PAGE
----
Gadgets Going Green

6 years 1 month 1 day ago September 22, 2010 Sep 22, 2010 Wednesday, September 22 2010 Wednesday, September 22, 2010 8:13:00 AM CDT in 8 Goes Green
By: Jessica Smith

COLUMBIA - Bryan Bennett began working at Mid-MO Recycling four years ago, thinking it would just be a summer job, but it's turned into much more.

"We said, if you stick with us, we'll try to make you a career out of electronic recycling," said Mid-MO Recycling's Cathy Rubard.

Now, Bennett says he runs the organization. Bennett organized this year's electronic drive. The drive allowed Columbia residents to get rid of old computers, batteries, satellite dishes and even stoves.


"We have it set up drive through style, appliances, anything with a power cord," said Bennett.

""It's nice to be able to let them take care of it. They just took it out of my pick up," said participant Gary Tynes.

It wasn't the first time Mid-MO held an electronic collection, but Columbia residents keep coming back.

"We try and have as many yearly collections as we can," said Bennett.


The collection brought in more than 200 computer monitors and more than 100 televisions. Mid-MO Recycling will send those electronics to St. Louis to be properly destroyed. Mid-MO Recycling takes out the hard drive of the computer and destroys it, so no one can access any personal information that was stored on the computer.

Destroying the hard drive is five dollars for a hard drive already taken out of the computer, and ten dollars if it's left inside.

There's also a fee for the electronics that have to go to St. Louis. The fees range from five dollars for a computer monitor, up to 25 dollars for a copier. But everything else is free to drop off.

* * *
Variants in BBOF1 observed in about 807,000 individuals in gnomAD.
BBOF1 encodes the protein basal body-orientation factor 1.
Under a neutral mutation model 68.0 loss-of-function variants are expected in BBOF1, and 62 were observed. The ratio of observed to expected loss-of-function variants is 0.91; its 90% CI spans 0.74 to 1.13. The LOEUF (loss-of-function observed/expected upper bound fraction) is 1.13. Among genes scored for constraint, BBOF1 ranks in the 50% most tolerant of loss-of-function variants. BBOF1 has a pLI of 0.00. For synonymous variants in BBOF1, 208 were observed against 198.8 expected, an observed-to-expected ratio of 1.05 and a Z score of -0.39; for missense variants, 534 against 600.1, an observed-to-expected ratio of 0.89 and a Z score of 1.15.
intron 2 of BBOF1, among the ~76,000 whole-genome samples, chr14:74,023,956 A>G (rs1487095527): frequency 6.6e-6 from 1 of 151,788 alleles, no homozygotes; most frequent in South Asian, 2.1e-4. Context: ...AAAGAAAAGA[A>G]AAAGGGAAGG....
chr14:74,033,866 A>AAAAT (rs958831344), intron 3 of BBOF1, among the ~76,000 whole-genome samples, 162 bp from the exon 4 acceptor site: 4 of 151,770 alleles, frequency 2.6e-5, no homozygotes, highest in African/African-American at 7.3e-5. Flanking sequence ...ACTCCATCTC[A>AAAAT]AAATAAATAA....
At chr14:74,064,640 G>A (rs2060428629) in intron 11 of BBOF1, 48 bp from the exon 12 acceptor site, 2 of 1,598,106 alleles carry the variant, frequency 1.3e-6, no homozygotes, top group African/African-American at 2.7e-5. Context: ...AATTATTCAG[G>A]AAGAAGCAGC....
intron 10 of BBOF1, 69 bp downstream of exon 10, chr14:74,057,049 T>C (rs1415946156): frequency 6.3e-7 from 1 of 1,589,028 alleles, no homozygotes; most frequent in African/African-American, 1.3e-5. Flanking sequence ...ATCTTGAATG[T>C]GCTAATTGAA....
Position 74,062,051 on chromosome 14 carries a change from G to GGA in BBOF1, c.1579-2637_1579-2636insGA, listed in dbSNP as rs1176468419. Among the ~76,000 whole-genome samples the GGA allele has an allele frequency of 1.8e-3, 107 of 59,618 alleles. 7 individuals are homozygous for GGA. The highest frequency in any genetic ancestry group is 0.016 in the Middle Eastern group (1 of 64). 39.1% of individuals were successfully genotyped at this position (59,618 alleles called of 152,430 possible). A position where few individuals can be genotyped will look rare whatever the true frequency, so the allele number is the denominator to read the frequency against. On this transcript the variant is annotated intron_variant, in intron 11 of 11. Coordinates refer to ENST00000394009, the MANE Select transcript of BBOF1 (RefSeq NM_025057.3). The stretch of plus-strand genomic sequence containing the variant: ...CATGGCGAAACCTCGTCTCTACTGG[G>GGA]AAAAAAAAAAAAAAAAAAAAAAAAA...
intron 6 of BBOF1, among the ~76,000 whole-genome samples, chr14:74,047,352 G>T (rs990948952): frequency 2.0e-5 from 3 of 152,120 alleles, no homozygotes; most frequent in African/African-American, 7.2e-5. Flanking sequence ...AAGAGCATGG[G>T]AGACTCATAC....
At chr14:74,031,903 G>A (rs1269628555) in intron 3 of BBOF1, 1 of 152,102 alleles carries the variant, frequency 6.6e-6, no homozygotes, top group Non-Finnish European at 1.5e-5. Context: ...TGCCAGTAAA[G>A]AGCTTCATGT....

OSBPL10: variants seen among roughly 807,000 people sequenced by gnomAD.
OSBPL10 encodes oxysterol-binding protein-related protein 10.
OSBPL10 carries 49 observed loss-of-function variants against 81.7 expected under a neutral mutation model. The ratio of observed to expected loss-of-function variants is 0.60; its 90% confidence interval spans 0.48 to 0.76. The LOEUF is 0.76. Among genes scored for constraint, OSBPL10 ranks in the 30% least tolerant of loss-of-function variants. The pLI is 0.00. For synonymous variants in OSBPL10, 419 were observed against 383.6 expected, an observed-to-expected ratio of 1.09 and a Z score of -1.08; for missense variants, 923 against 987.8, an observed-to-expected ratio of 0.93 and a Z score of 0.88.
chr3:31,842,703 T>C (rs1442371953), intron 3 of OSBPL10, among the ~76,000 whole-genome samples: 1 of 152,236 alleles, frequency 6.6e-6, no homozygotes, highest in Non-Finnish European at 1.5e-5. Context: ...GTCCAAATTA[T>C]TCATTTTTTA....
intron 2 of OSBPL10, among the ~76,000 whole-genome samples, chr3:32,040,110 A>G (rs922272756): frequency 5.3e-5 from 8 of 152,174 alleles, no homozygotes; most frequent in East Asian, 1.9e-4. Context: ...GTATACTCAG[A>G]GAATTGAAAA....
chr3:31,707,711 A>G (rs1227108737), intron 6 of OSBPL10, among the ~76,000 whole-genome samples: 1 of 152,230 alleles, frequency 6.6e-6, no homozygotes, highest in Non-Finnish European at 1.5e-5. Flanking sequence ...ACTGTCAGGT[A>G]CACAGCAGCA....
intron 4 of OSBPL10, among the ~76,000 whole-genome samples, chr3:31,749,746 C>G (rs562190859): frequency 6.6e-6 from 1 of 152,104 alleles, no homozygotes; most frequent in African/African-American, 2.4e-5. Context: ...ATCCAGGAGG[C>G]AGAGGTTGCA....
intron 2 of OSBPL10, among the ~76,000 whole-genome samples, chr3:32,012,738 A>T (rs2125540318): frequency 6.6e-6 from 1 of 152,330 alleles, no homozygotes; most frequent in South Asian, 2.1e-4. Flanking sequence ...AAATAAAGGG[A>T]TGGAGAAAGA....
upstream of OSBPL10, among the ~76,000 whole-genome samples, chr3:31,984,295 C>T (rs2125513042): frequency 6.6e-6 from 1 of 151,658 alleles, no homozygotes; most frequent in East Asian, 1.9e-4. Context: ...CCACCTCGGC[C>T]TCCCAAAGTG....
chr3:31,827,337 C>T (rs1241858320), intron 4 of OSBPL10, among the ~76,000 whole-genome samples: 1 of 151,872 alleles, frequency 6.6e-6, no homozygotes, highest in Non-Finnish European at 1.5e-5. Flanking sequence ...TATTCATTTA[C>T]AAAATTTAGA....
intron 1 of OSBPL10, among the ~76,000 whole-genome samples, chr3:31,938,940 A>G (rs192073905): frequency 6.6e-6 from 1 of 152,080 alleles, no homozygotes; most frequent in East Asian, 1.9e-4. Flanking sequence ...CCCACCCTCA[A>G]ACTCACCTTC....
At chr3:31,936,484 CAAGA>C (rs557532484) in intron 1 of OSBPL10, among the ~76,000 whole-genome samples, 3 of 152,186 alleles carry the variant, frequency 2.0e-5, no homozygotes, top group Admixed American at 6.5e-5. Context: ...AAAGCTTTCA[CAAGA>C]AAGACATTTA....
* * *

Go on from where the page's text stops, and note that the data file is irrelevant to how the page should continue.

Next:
The collection site is only on Clark Lane a few times a year--but Mid-Mo Recycling takes in electronics all year long.

Last year alone, the organization recycled almost 500,000 tons of electronics.

"It's a good thing to get rid of things the way you should. T.V. monitors and computer monitors, get rid of them so they don't pollute the landfill," said Tynes.


Lead and other toxic materials get into the landfill when heavy machinery breaks up electronics. Those materials can get into the water supply, and shorten the life of the landfill.

Mid-MO Recycling hopes one day, it will be illegal to get rid of electronics without recycling them.

"Right now you can still leave your monitors, your TVs your microwaves, and that material is going to leach into the water sooner or later."

But for now, Bennett just hopes the collection shows people they do have the option to recycle.

"It gives them a chance to know that we're here. Not too many people know that we do what we do," said Bennett.


This year the collection kept 34,000 pounds of electronics from just sitting in landfills or garages.

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